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Julie Bindel interviews Kajsa Ekis Ekman, author and journalist

Julie Bindel photo
Julie BindelLondon, UK
Julie Bindel interviews Kajsa Ekis Ekman, author and journalist
Kajsa and Julie discuss the similarities between prostitution and surrogacy, as well as the steps neccessary to work towards abolition.

Kajsa Ekis Ekman- My name is Kajsa Ekis Ekman, I’m a Swedish author and my book is called Being and Being Bought: Prostitution, Surrogacy and the Split Self.

Julie Bindel: Why do you think prostitution and surrogacy have so much in common?

KEK: They are both industries that exploit the female body in different ways, one for sex and the other for reproduction, industries where the female body is reduced to a commodity that is bought and sold. They are also industries that, if you want to get theoretical about it, are at the exact intersection with patriarchy and capitalism. In patriarchy women exist for men, and in capitalism the poor exist for the rich. So if you combine the two of these, you get prostitution and surrogacy.

JB: Have you ever been accused of being anti gay, because there are so many rich gay male couples now renting wombs?

KEK: The biggest group that uses surrogacy are not gay men, but the slogan nowadays is that ‘this is the way to create the modern family. But some will say that if you are against surrogacy, because gay couples cannot have children, that you are against them having kids. But I’m against it for what is does to women and children, not for who uses it. I don’t care who is using the services, but I care about who is being used

JB: Some people say that if a woman wishes to do it in a non commercial way, say as a favour, then that is ok. What is your view on this?

KEK: That is the one argument I cannot understand, because the logic behind that says, the less you pay, the less you exploit that person. It suggests that if you pay a lot of money for surrogacy, you are exploiting that person but if you pay one euro say, or pay nothing then you are not exploiting them. I think it’s the total opposite. Of course, if we’re going to have surrogacy people have to be paid! Your going to do it for nine months, you might die, you might become infertile, you are still going to miss your child whether you get paid for it or not. But I think the whole problem with surrogacy isn’t that the woman is paid, it is that her child, she is carrying, does not belong to her, and that means that while she is pregnant her body does not belong to herself. According to the contract, the right to decide about hormone treatment or abortion, becomes very complex because she is not carrying her own child. This is totally against women’s autonomy.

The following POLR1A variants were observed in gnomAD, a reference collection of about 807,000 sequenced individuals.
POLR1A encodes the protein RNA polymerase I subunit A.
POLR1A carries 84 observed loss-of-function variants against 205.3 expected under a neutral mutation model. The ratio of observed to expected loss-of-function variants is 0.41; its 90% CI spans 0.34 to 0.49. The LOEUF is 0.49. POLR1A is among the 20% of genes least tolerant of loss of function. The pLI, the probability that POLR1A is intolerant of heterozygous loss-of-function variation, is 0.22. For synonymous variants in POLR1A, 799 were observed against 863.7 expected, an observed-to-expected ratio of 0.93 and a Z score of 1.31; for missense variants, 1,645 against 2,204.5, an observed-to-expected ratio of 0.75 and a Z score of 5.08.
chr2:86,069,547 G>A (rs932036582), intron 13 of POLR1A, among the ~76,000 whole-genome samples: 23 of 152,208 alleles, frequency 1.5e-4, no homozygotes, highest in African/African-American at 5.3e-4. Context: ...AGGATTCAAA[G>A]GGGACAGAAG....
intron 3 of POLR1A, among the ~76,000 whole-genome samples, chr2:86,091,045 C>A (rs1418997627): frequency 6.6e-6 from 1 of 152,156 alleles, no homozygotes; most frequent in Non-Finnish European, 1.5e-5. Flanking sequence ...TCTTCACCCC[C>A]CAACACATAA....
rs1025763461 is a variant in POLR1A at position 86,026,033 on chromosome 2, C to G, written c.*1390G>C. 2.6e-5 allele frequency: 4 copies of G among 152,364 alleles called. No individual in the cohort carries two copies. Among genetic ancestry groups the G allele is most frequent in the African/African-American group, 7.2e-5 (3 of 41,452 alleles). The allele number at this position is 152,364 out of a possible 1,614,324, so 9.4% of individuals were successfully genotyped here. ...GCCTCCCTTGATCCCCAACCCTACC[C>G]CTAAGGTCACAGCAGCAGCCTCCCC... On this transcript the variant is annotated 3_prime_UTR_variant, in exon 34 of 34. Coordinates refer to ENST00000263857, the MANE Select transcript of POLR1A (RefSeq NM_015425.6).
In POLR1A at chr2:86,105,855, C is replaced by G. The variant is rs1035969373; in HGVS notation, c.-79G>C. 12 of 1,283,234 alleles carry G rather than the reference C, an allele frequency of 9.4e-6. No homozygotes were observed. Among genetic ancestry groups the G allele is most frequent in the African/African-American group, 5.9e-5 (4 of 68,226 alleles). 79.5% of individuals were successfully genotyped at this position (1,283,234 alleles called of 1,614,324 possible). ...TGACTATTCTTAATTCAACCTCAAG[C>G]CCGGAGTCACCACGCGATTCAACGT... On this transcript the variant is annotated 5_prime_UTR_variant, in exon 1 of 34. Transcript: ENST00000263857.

JB: As feminists who are campaigning to end surrogacy, what do we need to do now, what are our most important tasks?

KEK: We need to target parliaments, our own parliaments, the EU parliament and get into the decision making. We are facing big lobbyists, not just the buyers but the big agencies that are trying to get into Europe that are really trying to get into this, having seminars trying to get promote this as the new way to have a family, outsourcing the whole thing, saying you don’t have to have your own baby, someone else can carry it for you. Who are we, we are just freelance feminists who are trying to say what we think. We need to put this at the top of the feminist agenda. I always think it is weird when feminists say ‘oh I’m against someone grabbing my ass on a train, but I’m not against somebody taking my baby.’ Where is the perspective? The class perspective as well- some of the feminists would be the ones buying children through surrogacy. They would think ‘I’m getting the advantage here, I am not the one being exploited.’ We need to have solidarity with all the women in the world who are being used by this industry.

#feminism, #prostitution, #surrogacy


Norris Thomlinson

4 years ago

For anyone who wants to hear more from her, there's also an excellent audio interview of Kajsa Ekis Ekman by Derrick Jensen at